An enchanting, tucked-away place to stay in Marrakech

Stunning rooftop views and delicious vegetarian cuisine at Riad Jardin Secret

Finding Marrakech’s Riad Jardin Secret, as the name suggests, was something of a challenge; no one, from the omniscient concierge at La Mamounia to our guide to the taxi driver, had ever heard of the place, or the hidden alleyway deep within the maze of the medina where it is situated. It took four of us half an hour to pinpoint the location, but when we did finally find this chic bolthole-cum-boutique hotel, we were not disappointed.

Cyrielle Astaing and Julien Phomveha worked in fashion in Paris before moving to Marrakech and opening their very special riad, which has a focus on vegetarian cuisine and traditional Moroccan crafts, with the added bonus of an expansive rooftop terrace overlooking the Koutoubia Mosque and the Atlas Mountains beyond. The early-20th-century home has been lovingly restored – right down to the colourful mosaic tiles, lattice woodwork and intricate, honeycomb stucco cornices – and peppered with thoughtful details, from stylish bentwood rockers (second picture) to Berber baskets.


Riad life centres around a courtyard fountain and this one comes with resident turtles – there to bring good luck – and is surrounded by cosy nooks piled high with pillows (third picture). The rooms (from €80), meanwhile, feature linens in tasteful, neutral hues, and exquisite, handcarved headboards. We stayed in a suite (from €140), a place of pure haute hippy fabulousness: sculptural wicker lanterns sway in the breeze, shaded tables are set for lunch en plein air (first picture). The whole vibe is very Talitha Getty circa 1969, and it was the perfect setting for our meal that included raw zucchini pasta with fig pesto and tomatoes, alongside reinterpretations of traditional Moroccan dishes such as harira soup and a vegetarian tagine.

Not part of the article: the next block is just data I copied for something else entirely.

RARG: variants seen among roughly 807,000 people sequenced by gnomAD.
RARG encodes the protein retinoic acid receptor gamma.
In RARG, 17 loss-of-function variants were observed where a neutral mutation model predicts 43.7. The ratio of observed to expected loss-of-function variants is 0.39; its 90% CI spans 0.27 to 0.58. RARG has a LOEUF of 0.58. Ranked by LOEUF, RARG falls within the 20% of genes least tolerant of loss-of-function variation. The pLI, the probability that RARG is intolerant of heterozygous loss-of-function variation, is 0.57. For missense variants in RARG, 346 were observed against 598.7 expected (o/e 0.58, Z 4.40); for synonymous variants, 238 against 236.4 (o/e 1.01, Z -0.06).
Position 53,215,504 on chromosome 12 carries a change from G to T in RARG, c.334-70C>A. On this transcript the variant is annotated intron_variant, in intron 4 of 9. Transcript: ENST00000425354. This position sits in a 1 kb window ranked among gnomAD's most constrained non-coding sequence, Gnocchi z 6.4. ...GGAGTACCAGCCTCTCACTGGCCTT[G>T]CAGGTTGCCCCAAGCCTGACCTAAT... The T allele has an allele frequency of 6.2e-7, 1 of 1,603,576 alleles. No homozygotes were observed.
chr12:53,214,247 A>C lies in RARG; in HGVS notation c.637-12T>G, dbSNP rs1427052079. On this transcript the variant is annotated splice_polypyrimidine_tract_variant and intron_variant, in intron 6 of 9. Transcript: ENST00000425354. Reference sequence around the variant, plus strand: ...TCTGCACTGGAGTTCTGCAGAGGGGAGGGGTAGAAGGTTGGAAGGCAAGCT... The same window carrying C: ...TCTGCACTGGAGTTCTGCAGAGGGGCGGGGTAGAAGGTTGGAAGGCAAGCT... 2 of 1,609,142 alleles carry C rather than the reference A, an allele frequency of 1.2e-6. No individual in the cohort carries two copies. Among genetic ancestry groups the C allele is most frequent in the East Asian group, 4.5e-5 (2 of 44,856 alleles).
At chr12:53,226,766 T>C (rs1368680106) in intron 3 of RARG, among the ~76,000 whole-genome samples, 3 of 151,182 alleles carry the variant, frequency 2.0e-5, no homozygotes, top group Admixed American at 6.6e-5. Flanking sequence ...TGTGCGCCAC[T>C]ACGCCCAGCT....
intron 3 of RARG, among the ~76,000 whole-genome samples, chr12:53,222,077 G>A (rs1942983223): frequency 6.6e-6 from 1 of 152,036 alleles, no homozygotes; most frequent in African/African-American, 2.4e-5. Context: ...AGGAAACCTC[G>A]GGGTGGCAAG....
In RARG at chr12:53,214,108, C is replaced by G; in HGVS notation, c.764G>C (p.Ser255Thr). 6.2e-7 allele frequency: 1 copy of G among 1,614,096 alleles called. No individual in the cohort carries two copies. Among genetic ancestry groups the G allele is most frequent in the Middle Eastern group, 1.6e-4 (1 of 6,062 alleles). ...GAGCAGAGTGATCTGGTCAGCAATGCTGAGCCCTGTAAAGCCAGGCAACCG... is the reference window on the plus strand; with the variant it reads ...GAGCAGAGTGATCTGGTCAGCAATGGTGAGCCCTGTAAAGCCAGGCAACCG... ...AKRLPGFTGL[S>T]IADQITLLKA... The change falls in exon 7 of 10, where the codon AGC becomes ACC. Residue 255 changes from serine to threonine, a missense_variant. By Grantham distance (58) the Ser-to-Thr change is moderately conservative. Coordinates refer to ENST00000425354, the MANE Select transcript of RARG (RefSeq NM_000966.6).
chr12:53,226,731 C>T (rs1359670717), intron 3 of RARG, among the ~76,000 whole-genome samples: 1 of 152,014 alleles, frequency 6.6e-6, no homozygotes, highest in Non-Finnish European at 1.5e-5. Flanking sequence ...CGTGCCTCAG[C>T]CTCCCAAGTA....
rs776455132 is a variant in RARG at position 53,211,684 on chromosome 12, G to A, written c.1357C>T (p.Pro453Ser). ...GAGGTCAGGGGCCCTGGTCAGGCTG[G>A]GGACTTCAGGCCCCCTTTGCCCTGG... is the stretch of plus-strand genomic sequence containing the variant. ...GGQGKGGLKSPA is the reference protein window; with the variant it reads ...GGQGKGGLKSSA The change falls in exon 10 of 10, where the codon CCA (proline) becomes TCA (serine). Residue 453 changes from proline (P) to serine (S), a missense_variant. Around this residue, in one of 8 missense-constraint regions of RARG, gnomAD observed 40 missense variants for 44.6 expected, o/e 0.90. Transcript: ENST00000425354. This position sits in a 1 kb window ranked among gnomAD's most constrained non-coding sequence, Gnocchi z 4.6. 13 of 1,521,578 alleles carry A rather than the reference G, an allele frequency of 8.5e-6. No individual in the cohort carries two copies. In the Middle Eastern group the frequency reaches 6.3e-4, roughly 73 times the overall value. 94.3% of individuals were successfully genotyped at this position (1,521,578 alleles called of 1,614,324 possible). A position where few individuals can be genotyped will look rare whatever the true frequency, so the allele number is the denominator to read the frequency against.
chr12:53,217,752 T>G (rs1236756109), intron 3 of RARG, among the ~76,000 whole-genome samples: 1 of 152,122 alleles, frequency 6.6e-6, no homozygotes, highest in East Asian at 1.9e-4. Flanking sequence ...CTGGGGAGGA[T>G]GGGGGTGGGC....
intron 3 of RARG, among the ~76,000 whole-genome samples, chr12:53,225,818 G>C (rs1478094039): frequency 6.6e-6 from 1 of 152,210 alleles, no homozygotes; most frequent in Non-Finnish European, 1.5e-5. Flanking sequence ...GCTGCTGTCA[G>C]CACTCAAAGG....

My favourite part of the Riad Jardin Secret, however, was the boutique – a small niche, really - that highlights local crafts: leather slippers, kilim pillows, pots made of turquoise tadelakt clay, and the simplest, most beautiful wooden spoons I’ve ever seen.


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